'Our conclusion that the Natural Gas Act does not empower natural gas companies unilaterally to change their contracts fully promotes the purposes of the Act. By preserving the integrity of contracts, it permits the stability of supply arrangements which all agree is essential to the health of the natural gas industry. Conversion by consumers, particularly industrial users, to the use of natural gas may frequently require substantial investments which the consumer would be unwilling to make without long-term commitmants from the distributor, and the distributor can hardly make such commitments if its supply contracts are subject to unilateral change by the natural gas company whenever its interests so dictate. * * * On the other hand, denying to natural gas companies the power unilaterally to change their contracts in no way impairs the regulatory powers of the Commission, for the contracts remain fully subject to the paramount power of the Commission to modify them when necessary in the public interest. The Act thus affords a reasonable accommodation between the conflicting interests of contract stability on the one hand and public regulation on the other.'
In the present case, as in the Mobile case, no hearing has been held to determine the propriety of the filed rate. When the United States Supreme Court struck down the Kansas order, there was no longer a valid order which could modify the contract rate, and the contract rate was the rate effective on June 7, 1954. See Natural Gas Pipeline Company of America v. Federal Power Commission, supra.
Intervenor, however, asserts that by their contract Magnolia and Cities Service agreed to abide by orders of any regulatory body until such time as the same was held with finality to be invalid.
'All of the provisions of the contract are subject to all legislation, State or Federal, with respect to the subject matter hereof, and to all present and future gas proration and other applicable orders, rules and regulations of duly constituted authorities having jurisdiction unless the same shall be declared or held, with finality, to be invalid or ineffective with respect thereto * * *.'
To so interpret the contract would require a strained and unnatural construction of the parties' intent and a substitution of the word 'until' for 'unless'.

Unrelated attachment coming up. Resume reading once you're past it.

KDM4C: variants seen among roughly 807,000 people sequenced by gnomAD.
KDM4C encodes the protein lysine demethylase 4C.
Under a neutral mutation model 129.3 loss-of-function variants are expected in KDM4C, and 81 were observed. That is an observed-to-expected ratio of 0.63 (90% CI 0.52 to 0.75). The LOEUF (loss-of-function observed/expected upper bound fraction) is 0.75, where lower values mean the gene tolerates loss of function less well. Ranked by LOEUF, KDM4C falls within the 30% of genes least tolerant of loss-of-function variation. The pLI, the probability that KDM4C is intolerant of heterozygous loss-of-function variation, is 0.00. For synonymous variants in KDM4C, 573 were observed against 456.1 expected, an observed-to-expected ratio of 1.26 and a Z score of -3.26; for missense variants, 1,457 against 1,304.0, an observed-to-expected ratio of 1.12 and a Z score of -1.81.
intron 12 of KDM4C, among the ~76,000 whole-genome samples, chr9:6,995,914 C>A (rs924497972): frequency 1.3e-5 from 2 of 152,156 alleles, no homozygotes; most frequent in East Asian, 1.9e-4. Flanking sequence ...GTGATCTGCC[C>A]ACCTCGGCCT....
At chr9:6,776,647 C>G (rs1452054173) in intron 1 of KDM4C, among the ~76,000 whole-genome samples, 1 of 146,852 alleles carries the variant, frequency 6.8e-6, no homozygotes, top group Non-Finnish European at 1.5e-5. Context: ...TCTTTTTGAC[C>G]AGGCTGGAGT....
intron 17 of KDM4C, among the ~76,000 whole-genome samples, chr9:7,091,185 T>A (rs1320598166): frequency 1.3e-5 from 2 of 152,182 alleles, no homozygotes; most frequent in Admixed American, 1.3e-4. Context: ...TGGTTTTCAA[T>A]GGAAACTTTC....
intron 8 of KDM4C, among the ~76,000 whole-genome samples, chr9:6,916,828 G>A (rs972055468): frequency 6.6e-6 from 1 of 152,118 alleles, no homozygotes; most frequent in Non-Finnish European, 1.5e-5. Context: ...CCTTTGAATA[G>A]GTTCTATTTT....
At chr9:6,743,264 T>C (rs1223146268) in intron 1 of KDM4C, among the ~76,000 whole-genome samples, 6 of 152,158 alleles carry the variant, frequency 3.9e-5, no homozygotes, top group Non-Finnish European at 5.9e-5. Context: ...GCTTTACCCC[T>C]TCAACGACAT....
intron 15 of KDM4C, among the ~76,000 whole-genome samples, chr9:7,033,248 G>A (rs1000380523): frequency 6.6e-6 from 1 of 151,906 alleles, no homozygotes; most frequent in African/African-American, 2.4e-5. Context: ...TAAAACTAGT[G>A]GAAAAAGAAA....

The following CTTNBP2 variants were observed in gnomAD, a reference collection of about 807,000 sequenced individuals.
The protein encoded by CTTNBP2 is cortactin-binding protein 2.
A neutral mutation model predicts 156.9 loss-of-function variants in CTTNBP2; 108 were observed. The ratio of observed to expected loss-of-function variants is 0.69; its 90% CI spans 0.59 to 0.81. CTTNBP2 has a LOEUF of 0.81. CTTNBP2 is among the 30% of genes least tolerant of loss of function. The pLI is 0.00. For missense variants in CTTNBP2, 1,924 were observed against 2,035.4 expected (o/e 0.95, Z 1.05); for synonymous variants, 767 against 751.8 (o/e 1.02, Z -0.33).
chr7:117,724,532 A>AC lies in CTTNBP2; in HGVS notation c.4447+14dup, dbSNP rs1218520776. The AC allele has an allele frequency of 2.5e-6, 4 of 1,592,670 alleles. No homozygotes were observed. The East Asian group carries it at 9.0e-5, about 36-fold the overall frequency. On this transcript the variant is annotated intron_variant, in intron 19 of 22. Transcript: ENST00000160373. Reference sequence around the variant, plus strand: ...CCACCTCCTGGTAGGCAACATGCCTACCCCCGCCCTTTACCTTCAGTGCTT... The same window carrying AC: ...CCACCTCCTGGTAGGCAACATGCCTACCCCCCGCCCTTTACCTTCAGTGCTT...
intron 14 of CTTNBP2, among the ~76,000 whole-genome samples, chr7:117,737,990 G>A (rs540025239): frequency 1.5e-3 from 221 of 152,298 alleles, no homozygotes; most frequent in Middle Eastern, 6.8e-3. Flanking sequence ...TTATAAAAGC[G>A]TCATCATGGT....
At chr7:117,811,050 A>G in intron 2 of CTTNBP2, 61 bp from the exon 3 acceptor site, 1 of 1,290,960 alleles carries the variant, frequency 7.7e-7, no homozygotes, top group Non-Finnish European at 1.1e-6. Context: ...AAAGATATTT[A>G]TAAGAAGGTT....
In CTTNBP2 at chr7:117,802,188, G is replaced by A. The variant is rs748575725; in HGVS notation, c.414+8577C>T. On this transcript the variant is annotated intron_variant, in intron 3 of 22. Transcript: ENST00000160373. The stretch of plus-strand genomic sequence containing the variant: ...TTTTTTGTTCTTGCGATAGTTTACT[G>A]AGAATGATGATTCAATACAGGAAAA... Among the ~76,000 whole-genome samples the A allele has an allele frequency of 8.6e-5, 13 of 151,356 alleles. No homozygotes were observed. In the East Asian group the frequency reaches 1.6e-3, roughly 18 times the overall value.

The Commission, in a supplemental memorandum, states by way of clarification of its brief in chief that it is not admitting that the contract rate is six cents per Mcf. This is a matter neither proper for our determination nor raised in the issues before us. Our duty is to merely set aside the order of the Commission accepting the filed rate and to direct the Commission to strike Supplement No. 26 from its files. Our authority is then exhausted. Cf. Sunray Mid-Continent Oil Co. v. F.P.C., 353 U.S. 944, 77 S.Ct. 792, 1 L.Ed.2d 794.
It is so ordered.
Petitioner argues here that the Kansas Corporation Commission order, in view of earlier decisions of the U.S. Supreme Court was so patently invalid that the Federal Power Commission erred in giving any cognizance to the order and should have rejected it when filed by Magnolia. We reject that argument. On the pertinent date, June 7, 1954, the authority of the Kansas Commission had been upheld by the Kansas Supreme Court, the highest judicial body that had then considered the precise question involved. It was not the function of the Federal Power Commission to pass upon the question of whether or not the Kansas Supreme Court was in error. Good administrative policy dictates otherwise. The inherent difficulties that may arise from a later change in judicial interpretation are not attributable to administrative fault. Our books of law carry many cases requiring reversal of a lower court by reason of a change occurring between trial and appeal